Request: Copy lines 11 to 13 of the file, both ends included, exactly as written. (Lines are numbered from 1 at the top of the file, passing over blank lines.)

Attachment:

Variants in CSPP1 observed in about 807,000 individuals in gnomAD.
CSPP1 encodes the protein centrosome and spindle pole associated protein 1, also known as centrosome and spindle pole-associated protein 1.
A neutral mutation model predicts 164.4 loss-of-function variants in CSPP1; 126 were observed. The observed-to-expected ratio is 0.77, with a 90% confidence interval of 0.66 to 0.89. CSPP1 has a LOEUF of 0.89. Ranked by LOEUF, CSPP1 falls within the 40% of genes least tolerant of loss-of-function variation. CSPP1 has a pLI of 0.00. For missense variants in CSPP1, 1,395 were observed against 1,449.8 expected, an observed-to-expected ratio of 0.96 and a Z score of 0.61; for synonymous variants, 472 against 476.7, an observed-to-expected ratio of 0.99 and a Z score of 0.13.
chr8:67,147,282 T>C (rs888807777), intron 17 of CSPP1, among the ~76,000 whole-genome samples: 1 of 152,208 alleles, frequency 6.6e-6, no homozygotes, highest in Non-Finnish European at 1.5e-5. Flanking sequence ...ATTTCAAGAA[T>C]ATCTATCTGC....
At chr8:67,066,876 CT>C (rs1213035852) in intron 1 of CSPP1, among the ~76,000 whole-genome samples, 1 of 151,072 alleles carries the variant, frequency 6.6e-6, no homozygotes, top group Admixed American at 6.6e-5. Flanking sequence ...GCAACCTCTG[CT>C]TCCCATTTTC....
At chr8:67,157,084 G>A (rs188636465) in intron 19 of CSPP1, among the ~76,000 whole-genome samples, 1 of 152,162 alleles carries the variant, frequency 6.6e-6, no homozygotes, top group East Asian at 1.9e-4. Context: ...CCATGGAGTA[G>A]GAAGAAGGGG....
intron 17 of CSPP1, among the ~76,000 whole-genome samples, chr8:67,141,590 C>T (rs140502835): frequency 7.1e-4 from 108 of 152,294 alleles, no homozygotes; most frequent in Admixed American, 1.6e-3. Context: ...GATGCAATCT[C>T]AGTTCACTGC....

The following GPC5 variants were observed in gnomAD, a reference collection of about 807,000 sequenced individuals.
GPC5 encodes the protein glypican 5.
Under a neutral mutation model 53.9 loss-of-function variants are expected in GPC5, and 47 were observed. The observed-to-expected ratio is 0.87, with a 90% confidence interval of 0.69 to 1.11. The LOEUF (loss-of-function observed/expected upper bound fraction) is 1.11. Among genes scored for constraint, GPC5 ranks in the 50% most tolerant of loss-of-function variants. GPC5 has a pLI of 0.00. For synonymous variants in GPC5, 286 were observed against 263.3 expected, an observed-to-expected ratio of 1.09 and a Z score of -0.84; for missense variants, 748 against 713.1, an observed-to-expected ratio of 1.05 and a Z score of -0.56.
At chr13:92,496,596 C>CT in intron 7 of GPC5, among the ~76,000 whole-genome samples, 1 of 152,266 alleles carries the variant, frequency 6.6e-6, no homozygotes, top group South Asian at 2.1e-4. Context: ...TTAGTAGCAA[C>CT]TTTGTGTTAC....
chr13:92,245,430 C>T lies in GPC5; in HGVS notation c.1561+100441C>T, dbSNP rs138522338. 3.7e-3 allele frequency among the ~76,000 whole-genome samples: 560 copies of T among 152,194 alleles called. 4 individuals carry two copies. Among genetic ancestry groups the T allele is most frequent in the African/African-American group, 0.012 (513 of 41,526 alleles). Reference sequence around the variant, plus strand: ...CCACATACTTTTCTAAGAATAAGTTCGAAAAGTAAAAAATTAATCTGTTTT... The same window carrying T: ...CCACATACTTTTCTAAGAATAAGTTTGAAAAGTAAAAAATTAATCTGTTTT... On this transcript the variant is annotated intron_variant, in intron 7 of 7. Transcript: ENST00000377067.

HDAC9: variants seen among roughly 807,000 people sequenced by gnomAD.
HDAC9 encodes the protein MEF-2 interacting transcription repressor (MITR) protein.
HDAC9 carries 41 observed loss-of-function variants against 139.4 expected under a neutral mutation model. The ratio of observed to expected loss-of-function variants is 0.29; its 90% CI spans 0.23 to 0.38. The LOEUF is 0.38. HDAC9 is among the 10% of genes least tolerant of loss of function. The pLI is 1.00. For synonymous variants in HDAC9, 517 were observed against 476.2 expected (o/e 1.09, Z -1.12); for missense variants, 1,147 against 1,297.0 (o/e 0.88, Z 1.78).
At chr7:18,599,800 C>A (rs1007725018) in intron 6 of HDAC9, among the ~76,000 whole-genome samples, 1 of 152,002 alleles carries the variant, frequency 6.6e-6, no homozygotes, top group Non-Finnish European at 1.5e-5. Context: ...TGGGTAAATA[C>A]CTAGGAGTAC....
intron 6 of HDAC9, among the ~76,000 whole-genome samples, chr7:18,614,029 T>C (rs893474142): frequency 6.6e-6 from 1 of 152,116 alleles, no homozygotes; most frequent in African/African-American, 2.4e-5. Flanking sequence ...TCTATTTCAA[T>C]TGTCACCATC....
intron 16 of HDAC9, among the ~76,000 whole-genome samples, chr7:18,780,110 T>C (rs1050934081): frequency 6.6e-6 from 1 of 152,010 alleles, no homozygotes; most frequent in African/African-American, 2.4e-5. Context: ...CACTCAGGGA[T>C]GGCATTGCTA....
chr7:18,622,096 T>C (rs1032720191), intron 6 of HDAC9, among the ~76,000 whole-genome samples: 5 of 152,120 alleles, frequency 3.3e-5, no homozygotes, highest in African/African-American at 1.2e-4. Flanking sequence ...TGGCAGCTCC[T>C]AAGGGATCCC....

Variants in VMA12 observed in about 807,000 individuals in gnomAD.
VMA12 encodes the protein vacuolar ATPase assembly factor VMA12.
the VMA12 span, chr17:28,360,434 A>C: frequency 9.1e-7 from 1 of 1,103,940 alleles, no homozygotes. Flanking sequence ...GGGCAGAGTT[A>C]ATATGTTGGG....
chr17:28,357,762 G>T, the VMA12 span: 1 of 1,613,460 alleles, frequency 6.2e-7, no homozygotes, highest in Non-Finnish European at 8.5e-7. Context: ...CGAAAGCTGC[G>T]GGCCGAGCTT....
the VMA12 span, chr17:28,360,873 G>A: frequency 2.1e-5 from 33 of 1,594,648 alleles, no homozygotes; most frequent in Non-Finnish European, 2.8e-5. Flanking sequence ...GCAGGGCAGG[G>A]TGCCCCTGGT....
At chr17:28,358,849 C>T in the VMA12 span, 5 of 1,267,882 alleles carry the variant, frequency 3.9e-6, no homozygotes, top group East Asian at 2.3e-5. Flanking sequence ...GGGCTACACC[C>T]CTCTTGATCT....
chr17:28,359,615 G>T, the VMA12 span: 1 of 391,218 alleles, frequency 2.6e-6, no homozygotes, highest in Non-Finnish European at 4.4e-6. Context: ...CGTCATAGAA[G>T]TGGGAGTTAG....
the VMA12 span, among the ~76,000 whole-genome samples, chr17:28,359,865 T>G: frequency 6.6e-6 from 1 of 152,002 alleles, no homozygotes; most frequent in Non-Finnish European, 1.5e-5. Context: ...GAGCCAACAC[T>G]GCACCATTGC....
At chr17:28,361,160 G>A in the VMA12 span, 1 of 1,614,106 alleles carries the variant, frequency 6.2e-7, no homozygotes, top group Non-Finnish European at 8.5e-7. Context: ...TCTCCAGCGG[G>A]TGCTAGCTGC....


At chr13:92,496,596 C>CT in intron 7 of GPC5, among the ~76,000 whole-genome samples, 1 of 152,266 alleles carries the variant, frequency 6.6e-6, no homozygotes, top group South Asian at 2.1e-4. Context: ...TTAGTAGCAA[C>CT]TTTGTGTTAC....
chr13:92,245,430 C>T lies in GPC5; in HGVS notation c.1561+100441C>T, dbSNP rs138522338. 3.7e-3 allele frequency among the ~76,000 whole-genome samples: 560 copies of T among 152,194 alleles called. 4 individuals carry two copies. Among genetic ancestry groups the T allele is most frequent in the African/African-American group, 0.012 (513 of 41,526 alleles). Reference sequence around the variant, plus strand: ...CCACATACTTTTCTAAGAATAAGTTCGAAAAGTAAAAAATTAATCTGTTTT... The same window carrying T: ...CCACATACTTTTCTAAGAATAAGTTTGAAAAGTAAAAAATTAATCTGTTTT... On this transcript the variant is annotated intron_variant, in intron 7 of 7. Transcript: ENST00000377067.

HDAC9: variants seen among roughly 807,000 people sequenced by gnomAD.